Personal remittances from Overseas Filipinos (OFs) totaled US$16.3 billion in the first half () of 2019, a 2.9 percent growth, from the US$15.8 billion recorded in the same period last year. This was announced by BSP Governor Benjamin E. Diokno today.1

Personal remittances from land-based workers with work contracts of one year or more grew by 1.8 percent to US$12.4 billion in 2019 from US$12.2 billion in 2018. Similarly, personal remittances from sea-based workers and land-based workers with short-term contracts increased by 8.8 percent to US$3.5 billion in 2019 from US$3.2 billion in 2018. However, on a monthly basis, the amount of personal remittances in June 2019 decreased slightly by 2.7 percent to US$2.5 billion from US$2.6 billion in the same month a year ago.

For January to June 2019, cash remittances from OFs coursed through banks recorded a 3.2 percent growth to reach US$14.6 billion from US$14.2 billion in the same period last year. Cash remittances sent by land-based workers rose by 1.8 percent year-on-year (y-o-y) to US$11.4 billion, and transfers from sea-based workers grew by 8.7 percent y-o-y to US$3.2 billion. For June alone, however, cash remittances posted a 2.9 percent decrease to US$2.3 billion in 2019 from US$2.4 billion in the same period a year ago. This was attributed to the 5.4 percent y-o-y drop in cash remittances from land-based workers, which was mitigated by the 6.3 percent increase y-o-y in transfers from sea-based workers. The countries that contributed to the decline in June 2019 were Saudi Arabia and Qatar.

By country source, the US registered the highest share of overall remittances from January to June 2019 at 36.4 percent. It was followed by Saudi Arabia, Singapore, United Arab Emirates, the UK, Japan, Canada, Hong Kong, Germany and Qatar.2The combined remittances from these countries accounted for 78 percent of total cash remittances from January to June 2019.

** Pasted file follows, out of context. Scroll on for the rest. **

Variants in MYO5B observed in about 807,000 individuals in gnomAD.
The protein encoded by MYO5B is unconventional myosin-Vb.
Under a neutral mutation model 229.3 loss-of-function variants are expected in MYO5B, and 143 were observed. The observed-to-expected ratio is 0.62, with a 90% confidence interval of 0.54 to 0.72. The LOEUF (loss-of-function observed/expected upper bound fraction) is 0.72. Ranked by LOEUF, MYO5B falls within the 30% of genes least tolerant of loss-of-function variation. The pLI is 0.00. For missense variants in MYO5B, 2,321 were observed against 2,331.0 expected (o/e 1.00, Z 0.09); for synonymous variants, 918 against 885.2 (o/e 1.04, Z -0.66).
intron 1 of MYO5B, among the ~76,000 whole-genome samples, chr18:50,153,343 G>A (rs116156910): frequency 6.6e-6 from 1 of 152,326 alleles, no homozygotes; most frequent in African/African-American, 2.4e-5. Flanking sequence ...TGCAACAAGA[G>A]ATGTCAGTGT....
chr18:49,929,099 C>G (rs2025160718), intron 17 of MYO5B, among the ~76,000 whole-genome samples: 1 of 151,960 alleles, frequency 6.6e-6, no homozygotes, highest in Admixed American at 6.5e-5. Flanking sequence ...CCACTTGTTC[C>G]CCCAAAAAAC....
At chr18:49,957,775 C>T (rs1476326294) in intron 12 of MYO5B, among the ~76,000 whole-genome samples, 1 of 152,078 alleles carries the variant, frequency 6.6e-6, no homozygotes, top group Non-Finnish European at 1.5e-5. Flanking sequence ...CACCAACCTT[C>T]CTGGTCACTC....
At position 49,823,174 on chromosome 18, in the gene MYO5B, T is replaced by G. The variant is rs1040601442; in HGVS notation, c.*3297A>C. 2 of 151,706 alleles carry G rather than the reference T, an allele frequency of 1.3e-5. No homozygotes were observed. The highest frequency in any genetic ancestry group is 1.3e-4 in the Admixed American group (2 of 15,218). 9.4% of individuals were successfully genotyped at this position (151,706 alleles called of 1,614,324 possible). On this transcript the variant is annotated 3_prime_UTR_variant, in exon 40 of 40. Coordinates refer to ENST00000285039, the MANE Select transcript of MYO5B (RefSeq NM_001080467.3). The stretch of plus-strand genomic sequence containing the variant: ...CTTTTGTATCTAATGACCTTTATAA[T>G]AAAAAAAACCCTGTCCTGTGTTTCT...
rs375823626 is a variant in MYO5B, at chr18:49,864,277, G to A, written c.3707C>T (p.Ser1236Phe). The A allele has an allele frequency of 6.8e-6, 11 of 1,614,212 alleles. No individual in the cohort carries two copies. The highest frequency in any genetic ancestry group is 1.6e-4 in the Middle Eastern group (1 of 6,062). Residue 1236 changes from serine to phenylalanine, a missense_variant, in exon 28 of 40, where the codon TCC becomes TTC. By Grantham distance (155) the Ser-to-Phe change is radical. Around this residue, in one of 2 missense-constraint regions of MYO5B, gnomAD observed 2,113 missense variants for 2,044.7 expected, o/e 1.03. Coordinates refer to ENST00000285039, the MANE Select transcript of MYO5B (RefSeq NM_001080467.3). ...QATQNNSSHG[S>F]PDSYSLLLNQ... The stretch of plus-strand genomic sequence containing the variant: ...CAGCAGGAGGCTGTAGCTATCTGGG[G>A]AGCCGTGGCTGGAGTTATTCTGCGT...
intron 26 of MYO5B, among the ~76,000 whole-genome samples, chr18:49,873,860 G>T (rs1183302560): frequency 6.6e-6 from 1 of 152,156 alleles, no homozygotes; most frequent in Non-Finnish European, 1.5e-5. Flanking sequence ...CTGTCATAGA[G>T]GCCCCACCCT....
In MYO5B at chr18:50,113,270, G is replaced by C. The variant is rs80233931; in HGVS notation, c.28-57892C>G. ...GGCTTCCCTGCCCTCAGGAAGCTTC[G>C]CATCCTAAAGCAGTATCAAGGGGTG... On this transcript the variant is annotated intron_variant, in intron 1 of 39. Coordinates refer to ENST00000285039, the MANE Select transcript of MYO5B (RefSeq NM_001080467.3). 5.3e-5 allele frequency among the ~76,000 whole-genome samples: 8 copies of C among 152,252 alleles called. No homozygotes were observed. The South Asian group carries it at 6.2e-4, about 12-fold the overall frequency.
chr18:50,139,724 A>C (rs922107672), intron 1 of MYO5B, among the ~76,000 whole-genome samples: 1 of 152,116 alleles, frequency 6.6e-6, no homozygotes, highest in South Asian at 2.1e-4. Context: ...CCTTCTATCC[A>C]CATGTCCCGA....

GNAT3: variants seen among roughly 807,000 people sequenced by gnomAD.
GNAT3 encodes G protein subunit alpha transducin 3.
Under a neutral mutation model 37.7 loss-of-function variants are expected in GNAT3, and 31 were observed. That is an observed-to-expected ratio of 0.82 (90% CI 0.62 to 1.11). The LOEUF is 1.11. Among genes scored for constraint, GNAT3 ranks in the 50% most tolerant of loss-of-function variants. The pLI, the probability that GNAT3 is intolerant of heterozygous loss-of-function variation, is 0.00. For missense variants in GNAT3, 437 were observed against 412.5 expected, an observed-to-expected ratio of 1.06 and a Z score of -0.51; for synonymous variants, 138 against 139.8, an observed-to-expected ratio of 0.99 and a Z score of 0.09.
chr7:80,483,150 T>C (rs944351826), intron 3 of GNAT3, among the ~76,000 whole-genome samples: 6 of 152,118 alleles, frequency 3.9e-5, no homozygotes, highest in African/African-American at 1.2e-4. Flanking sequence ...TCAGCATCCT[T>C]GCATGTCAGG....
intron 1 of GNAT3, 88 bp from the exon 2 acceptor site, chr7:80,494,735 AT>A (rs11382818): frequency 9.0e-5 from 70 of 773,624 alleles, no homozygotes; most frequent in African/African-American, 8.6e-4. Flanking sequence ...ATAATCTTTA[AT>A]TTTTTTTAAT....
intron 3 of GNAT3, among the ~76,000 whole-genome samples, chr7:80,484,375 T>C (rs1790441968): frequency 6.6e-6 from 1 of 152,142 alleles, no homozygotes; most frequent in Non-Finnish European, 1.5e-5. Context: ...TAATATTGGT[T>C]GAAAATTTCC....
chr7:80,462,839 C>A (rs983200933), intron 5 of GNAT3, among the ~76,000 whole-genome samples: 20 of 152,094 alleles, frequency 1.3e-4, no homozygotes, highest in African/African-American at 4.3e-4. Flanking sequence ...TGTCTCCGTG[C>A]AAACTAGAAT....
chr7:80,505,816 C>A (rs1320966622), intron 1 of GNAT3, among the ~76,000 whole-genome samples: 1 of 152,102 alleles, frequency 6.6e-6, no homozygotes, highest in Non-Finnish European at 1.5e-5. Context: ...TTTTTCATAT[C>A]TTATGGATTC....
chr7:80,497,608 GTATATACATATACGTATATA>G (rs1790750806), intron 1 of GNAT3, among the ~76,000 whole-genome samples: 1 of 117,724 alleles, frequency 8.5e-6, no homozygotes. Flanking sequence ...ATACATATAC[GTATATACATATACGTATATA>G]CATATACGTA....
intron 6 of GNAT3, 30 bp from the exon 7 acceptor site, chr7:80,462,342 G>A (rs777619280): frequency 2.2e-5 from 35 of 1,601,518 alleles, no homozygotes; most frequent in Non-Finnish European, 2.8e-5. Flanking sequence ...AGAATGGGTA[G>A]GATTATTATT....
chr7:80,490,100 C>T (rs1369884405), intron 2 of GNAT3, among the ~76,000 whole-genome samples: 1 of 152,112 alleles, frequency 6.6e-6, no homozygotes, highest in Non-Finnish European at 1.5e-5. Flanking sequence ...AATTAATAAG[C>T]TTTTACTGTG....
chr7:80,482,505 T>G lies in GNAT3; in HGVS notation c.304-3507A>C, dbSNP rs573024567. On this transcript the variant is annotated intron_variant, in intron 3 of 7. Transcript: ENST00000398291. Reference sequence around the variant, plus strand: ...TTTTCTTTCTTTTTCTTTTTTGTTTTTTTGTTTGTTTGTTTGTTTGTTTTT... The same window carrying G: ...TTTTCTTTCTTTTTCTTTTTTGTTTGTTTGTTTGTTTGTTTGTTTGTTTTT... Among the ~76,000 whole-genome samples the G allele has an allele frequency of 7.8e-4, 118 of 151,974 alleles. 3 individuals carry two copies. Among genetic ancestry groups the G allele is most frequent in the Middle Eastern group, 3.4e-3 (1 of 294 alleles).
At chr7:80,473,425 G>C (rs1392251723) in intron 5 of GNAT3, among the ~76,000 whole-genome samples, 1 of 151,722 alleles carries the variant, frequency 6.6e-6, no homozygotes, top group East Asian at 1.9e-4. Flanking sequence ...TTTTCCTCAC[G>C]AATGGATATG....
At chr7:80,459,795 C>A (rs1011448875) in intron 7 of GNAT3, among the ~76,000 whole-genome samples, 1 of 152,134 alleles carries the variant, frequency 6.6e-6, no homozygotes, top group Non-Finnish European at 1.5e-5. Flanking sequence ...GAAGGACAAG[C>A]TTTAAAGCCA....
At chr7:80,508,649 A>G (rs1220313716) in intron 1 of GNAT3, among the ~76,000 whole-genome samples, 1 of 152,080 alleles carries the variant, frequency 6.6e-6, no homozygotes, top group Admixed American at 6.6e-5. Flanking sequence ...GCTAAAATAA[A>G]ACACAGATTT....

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1 The BSP started to release data on personal remittances in June 2012. As defined in the Balance of Payments Manual, 6th Edition (BPM6), personal remittances represent the sum of net compensation of employees (i.e., gross earnings of overseas Filipino (OF) workers with work contracts of less than one year, including all sea-based workers, less taxes, social contributions, and transportation and travel expenditures in their host countries), personal transfers (i.e., all current transfers in cash or in kind by OF workers with work contracts of one year or more as well as other household-to-household transfers between Filipinos who have migrated abroad and their families in the Philippines), and capital transfers between households (i.e., the provision of resources for capital purposes, such as for construction of residential houses, between resident and non-resident households without anything of economic value being supplied in return).

2 There are some limitations on the remittance data by source. A common practice of remittance centers in various cities abroad is to course remittances through correspondent banks, most of which are located in the U.S. Also remittances coursed through money couriers cannot be disaggregated by actual country source and are lodged under the country where the main offices are located, which, in many cases, is in the U.S. Therefore, the U.S. would appear to be the main source of OF remittances because banks attribute the origin of funds to the most immediate source. The countries are listed in order of their share of cash remittances, i.e., from highest to lowest.

Source: Bangko Sentral ng Pilipinas (BSP)